Astoria Characters: The Shopkeeper With Pedigree

Cheeto and Onyx, the current rescue residents at Whiskers Holistic Petcare, are ravenous.

Photo by Nancy A. Ruhling
Randy’s the owner of Whiskers Holistic Petcare.

The meowing year-old felines – as their names indicate, one’s orange, one’s black and white – drop their elusive demeanor and run up to Randy Klein when she opens the cans of food.

They gobble their breakfast like street dogs then settle in for a well-deserved morning’s nap in the shop’s screened-in Rescue Ranch at the front window.

Like all the cats who have stayed at Whiskers, they are up for adoption.

Whiskers, which is on Ditmars Boulevard by Astoria Park, and Randy have been neighborhood fixtures since 2008.

Photo by Nancy A. Ruhling
Whiskers is at 19-25 Ditmars Blvd.

The shop’s a sister store to the East Village flagship, a pioneer in the holistic pet movement that Randy and her husband, Phil, established in 1988.

Randy, who shares a home in Bayside with Phil and 12-year-old sister cats named Rocky and Viola-Lou, grew up in Plainview with dogs.

Photo by Nancy A. Ruhling
Randy: ‘I’m a workaholic.’

“My parents were terrier people,” she says. “We had a Wire Fox Terrier named Missy and later an Airedale and Welsh Terrier at the same time.”

It’s not surprising with that pedigree that Randy, who has long silver-gray hair and a black vest that is decorated with buttons with slogans like “Meow Meow” and “I’m Only There for the Cats” over her Whiskers T-shirt, didn’t wait long to get her own dog.

Tiffany-Anne, a Malamute/Collie mix, was her study buddy at SUNY New Paltz.

Photo by Nancy A. Ruhling
Cheeto chowing down.

Randy points to the wall behind the Whiskers counter, a collage of customers’ cute dog and cat snapshots that runs all the way to the ceiling.

You can’t miss the adorable Tiffany-Anne; she’s showcased in a wooden frame big enough to hang solo over the living room sofa.

It was Tiffany-Anne who started Randy on the holistic path.

After working as a secretary for several years after college – “I used to type 150 words a minute,” she says – Randy used her skills at a word-processing company she and Phil started.

One of their clients used a holistic veterinarian, and when Tiffany-Anne, who lived to be 13, did not respond to traditional medical treatments in her later years, Randy explored the option.

“At that time, holistic vets were considered quacks,” Randy says, shaking her head.

Exactly one month after Tiffany-Anne left the world, Randy brought home Tedi-Anne, “a gorgeous mutt” who became her steady companion for the next 16 years.

Tedi-Anne’s poster-size photo is next to Tiffany-Anne’s.

Photo by Nancy A. Ruhling
Randy greeting a regular with a treat.

Xena, another mixed breed, took Tedi-Anne’s place for 18 years.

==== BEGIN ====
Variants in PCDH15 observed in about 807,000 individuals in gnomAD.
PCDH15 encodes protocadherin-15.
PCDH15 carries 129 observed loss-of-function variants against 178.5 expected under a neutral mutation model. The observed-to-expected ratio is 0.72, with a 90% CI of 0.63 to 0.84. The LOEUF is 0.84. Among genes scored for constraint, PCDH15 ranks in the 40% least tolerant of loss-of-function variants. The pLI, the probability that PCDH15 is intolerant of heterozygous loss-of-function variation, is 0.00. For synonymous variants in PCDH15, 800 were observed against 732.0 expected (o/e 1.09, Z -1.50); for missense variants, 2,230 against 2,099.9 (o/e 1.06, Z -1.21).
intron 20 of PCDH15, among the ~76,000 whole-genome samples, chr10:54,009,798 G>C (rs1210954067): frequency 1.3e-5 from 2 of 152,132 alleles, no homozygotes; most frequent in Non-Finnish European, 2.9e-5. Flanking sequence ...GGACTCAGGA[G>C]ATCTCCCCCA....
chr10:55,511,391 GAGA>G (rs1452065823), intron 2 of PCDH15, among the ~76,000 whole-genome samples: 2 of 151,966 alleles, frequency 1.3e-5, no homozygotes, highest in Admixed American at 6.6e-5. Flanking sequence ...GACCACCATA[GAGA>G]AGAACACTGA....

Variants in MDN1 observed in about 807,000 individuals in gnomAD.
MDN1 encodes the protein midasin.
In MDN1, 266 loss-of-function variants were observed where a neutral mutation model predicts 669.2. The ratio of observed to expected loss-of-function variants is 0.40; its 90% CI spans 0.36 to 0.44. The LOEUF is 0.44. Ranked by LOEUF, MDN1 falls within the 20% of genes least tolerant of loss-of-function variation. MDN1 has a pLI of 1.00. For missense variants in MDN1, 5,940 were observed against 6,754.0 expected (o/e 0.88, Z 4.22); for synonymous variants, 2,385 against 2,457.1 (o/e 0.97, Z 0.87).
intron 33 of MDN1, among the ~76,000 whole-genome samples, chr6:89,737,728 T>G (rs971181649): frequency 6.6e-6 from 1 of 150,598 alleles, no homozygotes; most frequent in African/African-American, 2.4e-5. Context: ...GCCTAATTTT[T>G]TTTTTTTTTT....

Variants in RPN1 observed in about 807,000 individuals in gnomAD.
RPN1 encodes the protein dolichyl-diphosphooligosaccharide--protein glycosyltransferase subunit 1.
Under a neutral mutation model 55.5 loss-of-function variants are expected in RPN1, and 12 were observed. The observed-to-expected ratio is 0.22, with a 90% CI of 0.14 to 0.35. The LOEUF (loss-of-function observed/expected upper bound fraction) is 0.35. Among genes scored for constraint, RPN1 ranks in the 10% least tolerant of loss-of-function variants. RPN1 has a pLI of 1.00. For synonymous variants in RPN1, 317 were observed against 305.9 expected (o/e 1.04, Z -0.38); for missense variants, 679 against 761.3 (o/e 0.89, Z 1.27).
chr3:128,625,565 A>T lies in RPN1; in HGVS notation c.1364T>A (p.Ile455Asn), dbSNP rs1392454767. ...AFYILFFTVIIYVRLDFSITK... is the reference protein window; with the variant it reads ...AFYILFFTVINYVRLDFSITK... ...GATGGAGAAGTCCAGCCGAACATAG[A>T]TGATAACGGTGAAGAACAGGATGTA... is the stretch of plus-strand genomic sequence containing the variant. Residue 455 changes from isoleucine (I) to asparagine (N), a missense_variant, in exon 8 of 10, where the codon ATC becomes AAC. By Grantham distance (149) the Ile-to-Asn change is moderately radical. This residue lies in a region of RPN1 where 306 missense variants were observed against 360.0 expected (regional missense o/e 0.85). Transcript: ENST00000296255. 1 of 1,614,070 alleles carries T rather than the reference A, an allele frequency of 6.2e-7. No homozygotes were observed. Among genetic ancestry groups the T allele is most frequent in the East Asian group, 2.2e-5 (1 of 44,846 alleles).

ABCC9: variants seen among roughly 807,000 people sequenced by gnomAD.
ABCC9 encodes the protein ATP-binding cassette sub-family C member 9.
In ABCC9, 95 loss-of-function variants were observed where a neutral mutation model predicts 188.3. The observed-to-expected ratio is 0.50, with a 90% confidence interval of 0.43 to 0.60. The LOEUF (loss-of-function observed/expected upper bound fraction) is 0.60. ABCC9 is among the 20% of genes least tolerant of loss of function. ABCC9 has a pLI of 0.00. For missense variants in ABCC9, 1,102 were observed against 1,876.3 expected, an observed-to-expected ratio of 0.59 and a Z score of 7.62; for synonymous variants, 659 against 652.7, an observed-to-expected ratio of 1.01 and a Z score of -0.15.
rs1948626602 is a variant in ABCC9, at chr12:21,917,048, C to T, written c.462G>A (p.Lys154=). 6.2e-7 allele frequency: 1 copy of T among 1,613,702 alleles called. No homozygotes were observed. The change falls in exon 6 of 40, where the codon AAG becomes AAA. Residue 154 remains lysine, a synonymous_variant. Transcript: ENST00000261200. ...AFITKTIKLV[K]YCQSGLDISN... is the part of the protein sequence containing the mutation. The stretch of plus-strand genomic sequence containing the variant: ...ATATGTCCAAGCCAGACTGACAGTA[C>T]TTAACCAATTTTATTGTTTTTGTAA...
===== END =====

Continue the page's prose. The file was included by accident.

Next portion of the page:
Randy scans the photos; there’s no picture of Xena.

She also notices, as if for the first time, that there’s not a single image of Phil, to whom she’s been married for 40 years.

Cats were a later addition to Randy’s life.

Photo by Nancy A. Ruhling
Cheeto in the Rescue Ranch.

Her first was one she found wandering in her neighbor’s yard.

That calico was soon joined by another who, like the shop, was named Whiskers.

Whiskers appeared around the time Randy and Phil’s word-processing business was winding down.

In 1988, they bought a 300-square-foot pet store in Manhattan’s East Village that adhered to a holistic model and ran both companies for eight years.

Photo by Nancy A. Ruhling
Whiskers was a pioneer in the holistic pet industry.

Through the years, they expanded the shop – it now covers 1,500 square feet – then added the Astoria location.

Almost immediately, they began taking in rescue cats and offering them for adoption.

Whiskers Holistic Petcare, which now has 16 employees, ushered in a new breed in the industry.

“We are an educational center that happens to sell product,” Randy says. “We’re different because of what we don’t carry. To be on our shelves, the vendor or the manufacturer has to answer a series of questions — by me personally.”

Photo by Nancy A. Ruhling
Randy works at the shops six days a week.

She notes that Whiskers produced one of the industry’s first natural-product catalogs, held the first natural pet symposium in New York City in 1997 (it attracted 1,000 attendees) and created the first online website devoted to the topic.

Although Phil, who is 80, retired during the pandemic because he is in a high-risk group, Randy, who is 65, has no intention of throwing in the bone any time soon.

“I’m a workaholic,” she says. “I work six days a week. We don’t have children – the animals are our kids.”

When asked how many hours she puts in, Randy gets flustered.

It has never occurred to her to count them.

Copyright 2022 by Nancy A. Ruhling